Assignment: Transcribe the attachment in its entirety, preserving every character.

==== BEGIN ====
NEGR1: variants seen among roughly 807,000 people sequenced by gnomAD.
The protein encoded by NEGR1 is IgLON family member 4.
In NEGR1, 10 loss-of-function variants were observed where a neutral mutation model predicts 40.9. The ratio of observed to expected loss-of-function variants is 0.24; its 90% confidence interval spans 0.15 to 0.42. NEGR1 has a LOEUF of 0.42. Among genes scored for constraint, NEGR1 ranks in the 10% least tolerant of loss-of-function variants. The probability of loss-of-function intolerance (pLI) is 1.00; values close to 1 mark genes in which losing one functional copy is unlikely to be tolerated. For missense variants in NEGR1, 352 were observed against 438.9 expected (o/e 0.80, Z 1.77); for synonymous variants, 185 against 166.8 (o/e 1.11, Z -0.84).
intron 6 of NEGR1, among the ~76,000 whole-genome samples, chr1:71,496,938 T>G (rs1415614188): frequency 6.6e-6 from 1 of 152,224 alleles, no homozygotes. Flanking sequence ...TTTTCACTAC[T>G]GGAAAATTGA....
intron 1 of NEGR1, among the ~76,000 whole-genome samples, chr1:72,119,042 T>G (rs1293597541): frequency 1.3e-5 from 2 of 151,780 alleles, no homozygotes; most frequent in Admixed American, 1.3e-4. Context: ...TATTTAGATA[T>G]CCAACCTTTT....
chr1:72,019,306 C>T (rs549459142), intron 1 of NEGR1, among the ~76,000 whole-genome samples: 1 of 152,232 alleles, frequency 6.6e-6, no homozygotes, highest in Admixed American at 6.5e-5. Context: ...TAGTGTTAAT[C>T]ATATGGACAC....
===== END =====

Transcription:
NEGR1: variants seen among roughly 807,000 people sequenced by gnomAD.
The protein encoded by NEGR1 is IgLON family member 4.
In NEGR1, 10 loss-of-function variants were observed where a neutral mutation model predicts 40.9. The ratio of observed to expected loss-of-function variants is 0.24; its 90% confidence interval spans 0.15 to 0.42. NEGR1 has a LOEUF of 0.42. Among genes scored for constraint, NEGR1 ranks in the 10% least tolerant of loss-of-function variants. The probability of loss-of-function intolerance (pLI) is 1.00; values close to 1 mark genes in which losing one functional copy is unlikely to be tolerated. For missense variants in NEGR1, 352 were observed against 438.9 expected (o/e 0.80, Z 1.77); for synonymous variants, 185 against 166.8 (o/e 1.11, Z -0.84).
intron 6 of NEGR1, among the ~76,000 whole-genome samples, chr1:71,496,938 T>G (rs1415614188): frequency 6.6e-6 from 1 of 152,224 alleles, no homozygotes. Flanking sequence ...TTTTCACTAC[T>G]GGAAAATTGA....
intron 1 of NEGR1, among the ~76,000 whole-genome samples, chr1:72,119,042 T>G (rs1293597541): frequency 1.3e-5 from 2 of 151,780 alleles, no homozygotes; most frequent in Admixed American, 1.3e-4. Context: ...TATTTAGATA[T>G]CCAACCTTTT....
chr1:72,019,306 C>T (rs549459142), intron 1 of NEGR1, among the ~76,000 whole-genome samples: 1 of 152,232 alleles, frequency 6.6e-6, no homozygotes, highest in Admixed American at 6.5e-5. Context: ...TAGTGTTAAT[C>T]ATATGGACAC....